"Isabella d'Este and the Properties of Persuasion" in Form and Persuasion in Early Modern Women's Letters Across Europe. Edited by Ann Crabb and Jane Couchman. Brookfield VT: Ashgate, 2005. 108-35.

"Aretino's Marescalco: Marriage Woes and the Duke of Mantua." Art and Culture in Renaissance Mantua. Renaissance Studies 16/3 (2002) 366-80.

"Books at Banquet: Commodities, Canon, and Culture in Giulio Cesare Croce's Convito universale." Annali d`Italianistica 16 (1998): 85-101.

"Dall'insulto verbale all'oltraggio fisico: I racconti di Isabella de Luna del Bandello." In La rappresentazione dell'altro nei testi del Rinascimento, ed. Sergio Zatti, 77-95. Lucca, Italy: Pacini Fazzi, 1998.

"Circular Definitions: Configuring Gender in Italian Renaissance Festival." Renaissance Quarterly 48.1 (1995): 1-40.

"Of Women, Knights, Arms, and Love: The Orlando Furioso and Ariosto's Querelle des Femmes." MLN 104.1 (1989): 68-97.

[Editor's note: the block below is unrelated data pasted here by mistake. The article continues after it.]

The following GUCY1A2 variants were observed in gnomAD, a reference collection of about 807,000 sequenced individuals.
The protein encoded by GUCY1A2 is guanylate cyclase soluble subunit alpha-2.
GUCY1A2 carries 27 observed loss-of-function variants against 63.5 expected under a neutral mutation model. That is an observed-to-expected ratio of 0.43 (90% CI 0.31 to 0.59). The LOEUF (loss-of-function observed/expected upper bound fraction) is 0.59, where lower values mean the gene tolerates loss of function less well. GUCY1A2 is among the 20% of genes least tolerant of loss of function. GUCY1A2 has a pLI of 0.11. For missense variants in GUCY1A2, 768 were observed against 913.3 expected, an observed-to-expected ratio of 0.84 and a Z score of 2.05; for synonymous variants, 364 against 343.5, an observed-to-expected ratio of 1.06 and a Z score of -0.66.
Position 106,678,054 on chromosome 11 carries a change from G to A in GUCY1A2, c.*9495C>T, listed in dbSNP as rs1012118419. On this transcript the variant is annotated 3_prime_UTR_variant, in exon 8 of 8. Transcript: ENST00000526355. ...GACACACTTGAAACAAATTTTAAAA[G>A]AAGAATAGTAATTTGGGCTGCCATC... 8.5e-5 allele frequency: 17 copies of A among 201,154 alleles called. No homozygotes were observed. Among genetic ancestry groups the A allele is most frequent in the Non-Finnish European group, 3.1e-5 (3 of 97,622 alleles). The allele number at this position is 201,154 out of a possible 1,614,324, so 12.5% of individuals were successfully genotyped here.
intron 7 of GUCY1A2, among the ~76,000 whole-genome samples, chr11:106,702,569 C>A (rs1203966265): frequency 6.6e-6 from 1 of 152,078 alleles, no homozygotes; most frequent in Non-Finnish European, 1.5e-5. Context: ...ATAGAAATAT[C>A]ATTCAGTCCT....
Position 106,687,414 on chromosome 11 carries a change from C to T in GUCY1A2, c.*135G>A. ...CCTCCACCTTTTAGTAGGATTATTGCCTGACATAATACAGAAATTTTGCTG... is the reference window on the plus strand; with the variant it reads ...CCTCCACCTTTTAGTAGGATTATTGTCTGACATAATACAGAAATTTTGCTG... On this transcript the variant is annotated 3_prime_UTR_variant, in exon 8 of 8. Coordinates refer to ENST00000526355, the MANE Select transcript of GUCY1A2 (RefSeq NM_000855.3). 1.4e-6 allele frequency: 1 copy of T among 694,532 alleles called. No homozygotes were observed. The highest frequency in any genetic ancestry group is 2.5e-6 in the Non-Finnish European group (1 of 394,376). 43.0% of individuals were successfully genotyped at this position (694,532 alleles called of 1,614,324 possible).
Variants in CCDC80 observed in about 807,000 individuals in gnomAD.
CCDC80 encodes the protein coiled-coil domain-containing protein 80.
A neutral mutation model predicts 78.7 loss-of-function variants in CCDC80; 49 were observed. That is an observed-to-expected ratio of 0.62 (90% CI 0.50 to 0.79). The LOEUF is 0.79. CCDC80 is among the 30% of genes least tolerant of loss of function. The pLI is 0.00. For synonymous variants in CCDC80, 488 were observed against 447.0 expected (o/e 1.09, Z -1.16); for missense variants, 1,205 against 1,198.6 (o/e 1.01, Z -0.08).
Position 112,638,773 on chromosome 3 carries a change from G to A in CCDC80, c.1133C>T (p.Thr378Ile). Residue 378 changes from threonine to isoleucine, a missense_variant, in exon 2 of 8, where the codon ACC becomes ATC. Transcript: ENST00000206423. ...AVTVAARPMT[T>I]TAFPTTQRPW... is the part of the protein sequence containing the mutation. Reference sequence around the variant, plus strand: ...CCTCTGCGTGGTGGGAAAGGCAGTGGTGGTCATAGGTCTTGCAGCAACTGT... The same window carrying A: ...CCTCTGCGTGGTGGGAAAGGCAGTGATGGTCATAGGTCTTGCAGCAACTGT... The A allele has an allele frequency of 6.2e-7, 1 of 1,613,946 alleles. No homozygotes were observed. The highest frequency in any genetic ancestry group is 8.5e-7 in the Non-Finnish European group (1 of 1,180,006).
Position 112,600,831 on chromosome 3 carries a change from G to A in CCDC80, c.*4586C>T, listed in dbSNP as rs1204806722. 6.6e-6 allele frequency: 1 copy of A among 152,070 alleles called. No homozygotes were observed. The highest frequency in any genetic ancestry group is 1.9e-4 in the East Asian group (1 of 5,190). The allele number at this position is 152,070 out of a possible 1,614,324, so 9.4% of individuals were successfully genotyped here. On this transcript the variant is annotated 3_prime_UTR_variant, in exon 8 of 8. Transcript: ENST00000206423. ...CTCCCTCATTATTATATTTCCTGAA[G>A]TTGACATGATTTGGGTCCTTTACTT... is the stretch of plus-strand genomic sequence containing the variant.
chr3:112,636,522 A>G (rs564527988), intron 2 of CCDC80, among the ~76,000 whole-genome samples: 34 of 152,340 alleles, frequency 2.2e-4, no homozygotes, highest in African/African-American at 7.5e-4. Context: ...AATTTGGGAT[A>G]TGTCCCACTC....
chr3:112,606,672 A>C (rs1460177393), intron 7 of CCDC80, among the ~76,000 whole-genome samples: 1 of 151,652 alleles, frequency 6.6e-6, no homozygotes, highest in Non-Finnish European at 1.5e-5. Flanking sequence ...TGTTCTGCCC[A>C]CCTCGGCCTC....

Teaching Interests

I am interested in the development of narrative forms, from the epic and the early tale or novella through the romance tradition and into contemporary fiction. I also study certain popular literary forms such as the letter, the pamphlet, and the ballad in Italian. Writings of Italy's sixteenth century are my particular interest, including narrative, lyric and dramatic forms; the dialogue, the theoretical tract. Literature written by women and other marginal figures to Renaissance high culture is a frequent focus of my research. Though my orientation is strongly literary, my research and teaching lies at a crossroads between literary, historical, art historical, and political materials. My theoretical interests include ancient and modern theories of literary and visual representation; psychoanalytical, historicist, and historical materialist methodologies; theories of sexuality and desire; and feminism. I have recently embarked on a digital humanities project aimed at preservation, access, and creative study of the European Renaissance.

Courses Taught

Undergraduate courses taught on Boccaccio, N. Machiavelli, Italian Renaissance Survey, Early Modern Italian Comedy, Renaissance Versions of Gender, Frame Tale Fictions, Radical Italy: Francis of Assisi to Dario Fo; Italian opera as drama
Graduate Courses taught on Ariosto, Italian Epic and Romance, Femininity in the Italian Renaissance, Early Modern Italian Women Writers, Antonio Gramsci; Epistolarity and letter writing culture

Advisees, Post Docs, Graduate Students, Researchers

NameE-Mail AddressPhone Number
Ariane N Helou831-459-2258 (Office)